The Harper government is bracing for a backlash over a border security agreement it is negotiating with the United States, anticipating it will spark worries about eroding sovereignty and privacy rights, a document obtained by The Globe and Mail shows.Yes, and here's a little kicker.
“The Canadian public may underestimate the security threat to Canada,” the communication plan says.On the other hand (that is "economist-speak") the threat to the United States is a dilemma of that country's own making. Not necessarily something any other country would be wise to buy into.
Of course, it would be really handy if the Harper hillbillies in Ottawa would take the time to articulate their assessment, real or imagined, of the "security threat" we are all supposedly underestimating. So far all we've ever seen or heard from the mandarins of the security establishment is paranoid musings of how grassroots defence of personal freedom gets in the way of creating a more powerful security establishment.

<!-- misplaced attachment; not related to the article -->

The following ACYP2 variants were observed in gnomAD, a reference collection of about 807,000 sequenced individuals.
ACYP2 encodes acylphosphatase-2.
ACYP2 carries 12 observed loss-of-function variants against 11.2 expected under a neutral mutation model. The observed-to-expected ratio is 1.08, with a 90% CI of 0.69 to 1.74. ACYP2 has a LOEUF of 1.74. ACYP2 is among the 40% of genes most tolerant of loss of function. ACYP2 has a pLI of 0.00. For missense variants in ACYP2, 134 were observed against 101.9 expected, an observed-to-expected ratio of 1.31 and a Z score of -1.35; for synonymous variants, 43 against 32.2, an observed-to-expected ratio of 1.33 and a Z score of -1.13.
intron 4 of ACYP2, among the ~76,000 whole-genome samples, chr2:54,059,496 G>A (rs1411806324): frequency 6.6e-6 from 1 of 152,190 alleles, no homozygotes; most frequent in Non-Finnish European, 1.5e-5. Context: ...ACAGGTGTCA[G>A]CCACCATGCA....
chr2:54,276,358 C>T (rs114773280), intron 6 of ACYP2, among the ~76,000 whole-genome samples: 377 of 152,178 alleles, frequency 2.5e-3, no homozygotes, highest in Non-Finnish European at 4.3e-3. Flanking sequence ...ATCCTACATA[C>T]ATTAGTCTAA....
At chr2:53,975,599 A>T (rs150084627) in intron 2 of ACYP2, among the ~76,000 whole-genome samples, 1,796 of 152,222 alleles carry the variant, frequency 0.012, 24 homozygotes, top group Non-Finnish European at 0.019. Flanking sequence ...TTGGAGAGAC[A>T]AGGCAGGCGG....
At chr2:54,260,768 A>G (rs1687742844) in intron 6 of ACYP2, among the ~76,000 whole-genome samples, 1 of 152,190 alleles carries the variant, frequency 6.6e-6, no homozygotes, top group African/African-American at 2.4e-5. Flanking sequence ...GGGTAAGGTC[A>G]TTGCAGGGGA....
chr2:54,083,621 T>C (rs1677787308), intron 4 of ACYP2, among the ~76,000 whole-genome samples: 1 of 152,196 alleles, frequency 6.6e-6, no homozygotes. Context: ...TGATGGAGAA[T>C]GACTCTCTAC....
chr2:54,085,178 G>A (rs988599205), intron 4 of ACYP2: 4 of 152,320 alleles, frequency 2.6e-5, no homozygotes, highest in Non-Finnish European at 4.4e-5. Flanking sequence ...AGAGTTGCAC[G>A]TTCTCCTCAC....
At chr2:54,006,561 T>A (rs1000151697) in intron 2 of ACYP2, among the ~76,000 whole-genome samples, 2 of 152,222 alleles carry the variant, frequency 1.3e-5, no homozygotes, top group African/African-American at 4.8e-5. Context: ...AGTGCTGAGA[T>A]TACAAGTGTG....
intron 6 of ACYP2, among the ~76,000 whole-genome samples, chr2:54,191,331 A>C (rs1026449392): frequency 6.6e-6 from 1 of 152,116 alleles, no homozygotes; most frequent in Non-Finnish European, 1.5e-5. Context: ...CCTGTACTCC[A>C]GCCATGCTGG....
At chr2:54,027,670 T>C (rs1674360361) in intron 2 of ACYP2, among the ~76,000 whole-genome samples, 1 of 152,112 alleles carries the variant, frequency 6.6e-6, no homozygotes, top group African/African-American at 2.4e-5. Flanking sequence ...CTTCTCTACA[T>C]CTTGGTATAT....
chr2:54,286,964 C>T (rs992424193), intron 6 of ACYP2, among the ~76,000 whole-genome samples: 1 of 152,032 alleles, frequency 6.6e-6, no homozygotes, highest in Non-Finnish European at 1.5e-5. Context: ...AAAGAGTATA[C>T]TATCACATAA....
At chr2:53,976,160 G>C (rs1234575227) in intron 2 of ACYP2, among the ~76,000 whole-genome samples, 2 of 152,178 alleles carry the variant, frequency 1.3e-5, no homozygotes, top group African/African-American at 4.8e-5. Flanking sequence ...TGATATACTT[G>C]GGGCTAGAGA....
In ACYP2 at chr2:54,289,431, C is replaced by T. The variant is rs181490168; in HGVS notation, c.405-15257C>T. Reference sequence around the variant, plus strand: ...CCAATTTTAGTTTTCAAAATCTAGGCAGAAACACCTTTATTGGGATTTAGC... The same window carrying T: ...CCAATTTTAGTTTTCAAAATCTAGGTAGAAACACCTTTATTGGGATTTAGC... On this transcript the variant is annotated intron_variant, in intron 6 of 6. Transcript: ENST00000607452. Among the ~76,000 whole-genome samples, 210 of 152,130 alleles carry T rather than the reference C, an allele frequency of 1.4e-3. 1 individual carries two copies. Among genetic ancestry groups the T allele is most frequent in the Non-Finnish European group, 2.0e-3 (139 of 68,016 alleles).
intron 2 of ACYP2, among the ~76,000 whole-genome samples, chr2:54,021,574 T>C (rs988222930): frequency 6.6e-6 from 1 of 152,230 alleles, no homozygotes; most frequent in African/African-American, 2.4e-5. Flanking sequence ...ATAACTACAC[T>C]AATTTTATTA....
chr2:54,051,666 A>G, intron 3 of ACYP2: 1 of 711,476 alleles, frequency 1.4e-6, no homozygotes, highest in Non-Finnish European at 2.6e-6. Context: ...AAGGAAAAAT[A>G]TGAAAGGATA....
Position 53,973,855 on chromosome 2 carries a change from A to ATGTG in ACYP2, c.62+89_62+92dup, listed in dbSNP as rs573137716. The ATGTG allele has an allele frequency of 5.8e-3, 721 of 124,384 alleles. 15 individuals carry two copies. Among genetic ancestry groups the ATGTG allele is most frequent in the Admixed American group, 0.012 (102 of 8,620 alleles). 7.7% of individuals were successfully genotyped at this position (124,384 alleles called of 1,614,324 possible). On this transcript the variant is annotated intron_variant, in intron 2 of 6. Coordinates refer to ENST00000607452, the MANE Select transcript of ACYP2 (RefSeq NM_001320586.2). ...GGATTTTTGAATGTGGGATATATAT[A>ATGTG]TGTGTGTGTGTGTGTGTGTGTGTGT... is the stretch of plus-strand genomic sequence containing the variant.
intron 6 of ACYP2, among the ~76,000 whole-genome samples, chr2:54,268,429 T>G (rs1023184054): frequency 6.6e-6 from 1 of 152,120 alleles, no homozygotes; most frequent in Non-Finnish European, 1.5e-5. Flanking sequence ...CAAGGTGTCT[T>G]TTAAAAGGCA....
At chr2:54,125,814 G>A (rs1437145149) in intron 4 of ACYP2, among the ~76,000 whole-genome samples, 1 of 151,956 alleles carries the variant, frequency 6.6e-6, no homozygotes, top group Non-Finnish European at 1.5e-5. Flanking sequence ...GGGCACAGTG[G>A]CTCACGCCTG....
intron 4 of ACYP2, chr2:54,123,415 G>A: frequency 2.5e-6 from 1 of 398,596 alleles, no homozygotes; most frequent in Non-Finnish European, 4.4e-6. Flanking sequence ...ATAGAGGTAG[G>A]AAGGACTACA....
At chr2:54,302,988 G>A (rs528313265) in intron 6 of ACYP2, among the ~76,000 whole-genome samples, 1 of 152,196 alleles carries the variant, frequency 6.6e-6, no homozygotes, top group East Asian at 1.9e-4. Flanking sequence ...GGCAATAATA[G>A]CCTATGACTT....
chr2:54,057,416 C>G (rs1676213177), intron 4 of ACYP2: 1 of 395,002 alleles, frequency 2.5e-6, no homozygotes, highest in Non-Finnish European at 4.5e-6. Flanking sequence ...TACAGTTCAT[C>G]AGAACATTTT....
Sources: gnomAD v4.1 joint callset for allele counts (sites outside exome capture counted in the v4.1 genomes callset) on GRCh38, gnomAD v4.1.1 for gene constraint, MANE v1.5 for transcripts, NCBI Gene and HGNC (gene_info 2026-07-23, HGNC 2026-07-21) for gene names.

Actually, I got ahead of myself. They have clearly identified the threats to their security.
The communication strategy labels [federal privacy commissioner] Ms. [Jennifer] Stoddart as a “high risk” stakeholder who will “raise concerns re: information sharing and protecting private information.” It also anticipates criticism from civil rights groups and others such as Council of Canadians chairwoman Maude Barlow.Got that? High risk. An officer of parliament.
The Canadian government is refusing to discuss the negotiations ...You may begin to understand the problem. There is a threat, but they won't tell you what it is, except to tell you that the people appointed to protect the rights and privacy of citizens are a part of that threat. OK. Let's discuss it for them. In keeping with the spirit of the approaching season.
Greg has more.